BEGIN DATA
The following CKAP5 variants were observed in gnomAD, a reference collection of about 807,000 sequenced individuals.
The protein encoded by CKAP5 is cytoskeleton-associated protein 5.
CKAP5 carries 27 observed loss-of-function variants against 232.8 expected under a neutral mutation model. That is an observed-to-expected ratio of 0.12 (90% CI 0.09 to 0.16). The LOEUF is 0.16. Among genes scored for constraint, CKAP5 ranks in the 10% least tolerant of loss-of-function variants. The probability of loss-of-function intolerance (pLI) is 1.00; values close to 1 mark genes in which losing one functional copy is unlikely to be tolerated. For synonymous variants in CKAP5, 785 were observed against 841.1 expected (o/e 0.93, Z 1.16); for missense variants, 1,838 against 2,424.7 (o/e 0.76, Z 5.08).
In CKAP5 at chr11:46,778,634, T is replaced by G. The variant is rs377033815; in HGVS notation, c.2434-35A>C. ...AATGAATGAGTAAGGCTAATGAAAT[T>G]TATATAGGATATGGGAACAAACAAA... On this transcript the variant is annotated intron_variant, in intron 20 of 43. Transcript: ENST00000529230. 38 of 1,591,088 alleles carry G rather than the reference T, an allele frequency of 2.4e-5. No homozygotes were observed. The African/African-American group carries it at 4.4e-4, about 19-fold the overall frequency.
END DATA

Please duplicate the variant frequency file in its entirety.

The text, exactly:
The following CKAP5 variants were observed in gnomAD, a reference collection of about 807,000 sequenced individuals.
The protein encoded by CKAP5 is cytoskeleton-associated protein 5.
CKAP5 carries 27 observed loss-of-function variants against 232.8 expected under a neutral mutation model. That is an observed-to-expected ratio of 0.12 (90% CI 0.09 to 0.16). The LOEUF is 0.16. Among genes scored for constraint, CKAP5 ranks in the 10% least tolerant of loss-of-function variants. The probability of loss-of-function intolerance (pLI) is 1.00; values close to 1 mark genes in which losing one functional copy is unlikely to be tolerated. For synonymous variants in CKAP5, 785 were observed against 841.1 expected (o/e 0.93, Z 1.16); for missense variants, 1,838 against 2,424.7 (o/e 0.76, Z 5.08).
In CKAP5 at chr11:46,778,634, T is replaced by G. The variant is rs377033815; in HGVS notation, c.2434-35A>C. ...AATGAATGAGTAAGGCTAATGAAAT[T>G]TATATAGGATATGGGAACAAACAAA... On this transcript the variant is annotated intron_variant, in intron 20 of 43. Transcript: ENST00000529230. 38 of 1,591,088 alleles carry G rather than the reference T, an allele frequency of 2.4e-5. No homozygotes were observed. The African/African-American group carries it at 4.4e-4, about 19-fold the overall frequency.